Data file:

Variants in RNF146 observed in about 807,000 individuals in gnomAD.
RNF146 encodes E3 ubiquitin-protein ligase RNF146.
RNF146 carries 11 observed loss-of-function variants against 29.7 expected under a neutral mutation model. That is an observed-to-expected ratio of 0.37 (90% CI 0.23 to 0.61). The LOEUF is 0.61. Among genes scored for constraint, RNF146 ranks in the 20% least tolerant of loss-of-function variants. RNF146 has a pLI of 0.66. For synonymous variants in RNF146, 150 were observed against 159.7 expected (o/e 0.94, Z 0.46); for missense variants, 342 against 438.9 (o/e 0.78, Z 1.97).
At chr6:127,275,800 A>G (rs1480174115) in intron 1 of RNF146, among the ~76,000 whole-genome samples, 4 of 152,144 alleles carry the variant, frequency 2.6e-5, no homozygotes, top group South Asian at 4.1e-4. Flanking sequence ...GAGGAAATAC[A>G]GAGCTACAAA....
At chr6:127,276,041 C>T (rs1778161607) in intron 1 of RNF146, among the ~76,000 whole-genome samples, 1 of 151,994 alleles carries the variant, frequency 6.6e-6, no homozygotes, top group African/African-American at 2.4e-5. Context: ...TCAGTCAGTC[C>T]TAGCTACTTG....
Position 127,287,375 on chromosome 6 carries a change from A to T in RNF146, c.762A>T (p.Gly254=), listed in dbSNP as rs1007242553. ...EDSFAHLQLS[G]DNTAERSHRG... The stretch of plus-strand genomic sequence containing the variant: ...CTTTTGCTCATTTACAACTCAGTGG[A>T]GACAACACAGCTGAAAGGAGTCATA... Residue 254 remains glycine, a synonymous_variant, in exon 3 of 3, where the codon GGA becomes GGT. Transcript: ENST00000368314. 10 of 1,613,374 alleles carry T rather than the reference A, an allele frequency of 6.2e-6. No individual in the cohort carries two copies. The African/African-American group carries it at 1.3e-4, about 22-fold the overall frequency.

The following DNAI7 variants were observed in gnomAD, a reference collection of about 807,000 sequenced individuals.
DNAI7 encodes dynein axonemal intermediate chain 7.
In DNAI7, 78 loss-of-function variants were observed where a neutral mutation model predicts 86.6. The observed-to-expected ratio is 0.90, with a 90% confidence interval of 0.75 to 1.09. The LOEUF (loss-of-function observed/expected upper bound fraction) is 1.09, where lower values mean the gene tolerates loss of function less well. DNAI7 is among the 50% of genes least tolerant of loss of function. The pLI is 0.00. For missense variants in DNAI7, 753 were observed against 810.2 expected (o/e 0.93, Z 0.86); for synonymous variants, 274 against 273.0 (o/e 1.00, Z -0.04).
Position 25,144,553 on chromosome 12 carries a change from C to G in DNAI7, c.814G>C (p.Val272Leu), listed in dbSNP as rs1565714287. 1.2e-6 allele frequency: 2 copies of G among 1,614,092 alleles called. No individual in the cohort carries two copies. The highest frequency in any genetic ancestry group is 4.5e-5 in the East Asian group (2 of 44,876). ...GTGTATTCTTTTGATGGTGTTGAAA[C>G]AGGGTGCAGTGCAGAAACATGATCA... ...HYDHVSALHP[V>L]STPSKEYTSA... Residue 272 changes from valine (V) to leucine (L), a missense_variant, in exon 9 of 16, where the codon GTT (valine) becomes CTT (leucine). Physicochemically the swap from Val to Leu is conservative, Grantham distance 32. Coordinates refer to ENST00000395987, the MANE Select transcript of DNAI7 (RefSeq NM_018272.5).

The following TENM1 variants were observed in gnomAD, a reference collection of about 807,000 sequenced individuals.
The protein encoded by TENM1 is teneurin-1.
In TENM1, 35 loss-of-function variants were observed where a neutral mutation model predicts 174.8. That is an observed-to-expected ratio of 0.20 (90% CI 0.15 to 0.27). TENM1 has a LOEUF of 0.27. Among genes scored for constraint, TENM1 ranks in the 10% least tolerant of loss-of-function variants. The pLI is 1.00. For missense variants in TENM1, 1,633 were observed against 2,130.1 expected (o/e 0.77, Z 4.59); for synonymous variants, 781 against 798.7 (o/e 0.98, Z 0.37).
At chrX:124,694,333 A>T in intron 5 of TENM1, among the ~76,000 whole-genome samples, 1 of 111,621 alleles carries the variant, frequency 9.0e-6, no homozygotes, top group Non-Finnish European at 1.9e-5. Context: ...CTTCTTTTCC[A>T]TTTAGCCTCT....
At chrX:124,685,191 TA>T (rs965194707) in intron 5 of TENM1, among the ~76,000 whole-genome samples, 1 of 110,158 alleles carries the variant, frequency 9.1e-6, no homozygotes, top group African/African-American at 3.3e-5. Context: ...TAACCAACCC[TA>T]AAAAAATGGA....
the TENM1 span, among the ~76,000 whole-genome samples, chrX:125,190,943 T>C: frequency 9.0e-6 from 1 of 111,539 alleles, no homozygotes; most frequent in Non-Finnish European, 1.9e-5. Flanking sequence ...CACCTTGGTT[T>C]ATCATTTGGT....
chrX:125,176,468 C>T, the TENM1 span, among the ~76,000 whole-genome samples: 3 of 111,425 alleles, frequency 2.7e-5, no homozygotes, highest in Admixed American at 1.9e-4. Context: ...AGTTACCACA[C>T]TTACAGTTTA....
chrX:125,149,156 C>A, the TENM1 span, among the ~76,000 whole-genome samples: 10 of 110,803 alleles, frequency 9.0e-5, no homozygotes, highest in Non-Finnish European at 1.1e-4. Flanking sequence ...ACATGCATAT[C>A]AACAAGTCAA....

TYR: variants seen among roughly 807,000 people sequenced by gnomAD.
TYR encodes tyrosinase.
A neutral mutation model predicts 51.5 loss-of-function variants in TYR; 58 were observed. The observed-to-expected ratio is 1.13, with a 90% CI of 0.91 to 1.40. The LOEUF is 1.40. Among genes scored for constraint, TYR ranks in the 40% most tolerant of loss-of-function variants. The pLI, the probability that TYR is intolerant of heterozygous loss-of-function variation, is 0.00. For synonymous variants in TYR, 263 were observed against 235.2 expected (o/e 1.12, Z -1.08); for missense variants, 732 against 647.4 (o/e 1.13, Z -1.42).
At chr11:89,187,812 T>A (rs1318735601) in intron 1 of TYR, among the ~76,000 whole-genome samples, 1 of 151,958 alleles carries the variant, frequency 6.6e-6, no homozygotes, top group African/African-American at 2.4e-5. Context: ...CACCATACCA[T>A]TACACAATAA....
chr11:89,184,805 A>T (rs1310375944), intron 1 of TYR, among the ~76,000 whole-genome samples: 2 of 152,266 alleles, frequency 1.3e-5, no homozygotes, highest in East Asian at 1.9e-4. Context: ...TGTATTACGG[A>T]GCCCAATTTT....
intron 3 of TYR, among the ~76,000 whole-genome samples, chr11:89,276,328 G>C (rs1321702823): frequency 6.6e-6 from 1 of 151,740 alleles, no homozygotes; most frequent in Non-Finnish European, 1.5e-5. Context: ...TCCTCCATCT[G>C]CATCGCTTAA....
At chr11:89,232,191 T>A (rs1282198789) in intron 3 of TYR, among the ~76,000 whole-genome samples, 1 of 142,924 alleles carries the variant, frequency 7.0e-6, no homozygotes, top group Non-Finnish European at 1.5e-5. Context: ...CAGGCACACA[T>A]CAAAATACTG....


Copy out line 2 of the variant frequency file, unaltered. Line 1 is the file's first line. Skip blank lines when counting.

RNF146 encodes E3 ubiquitin-protein ligase RNF146.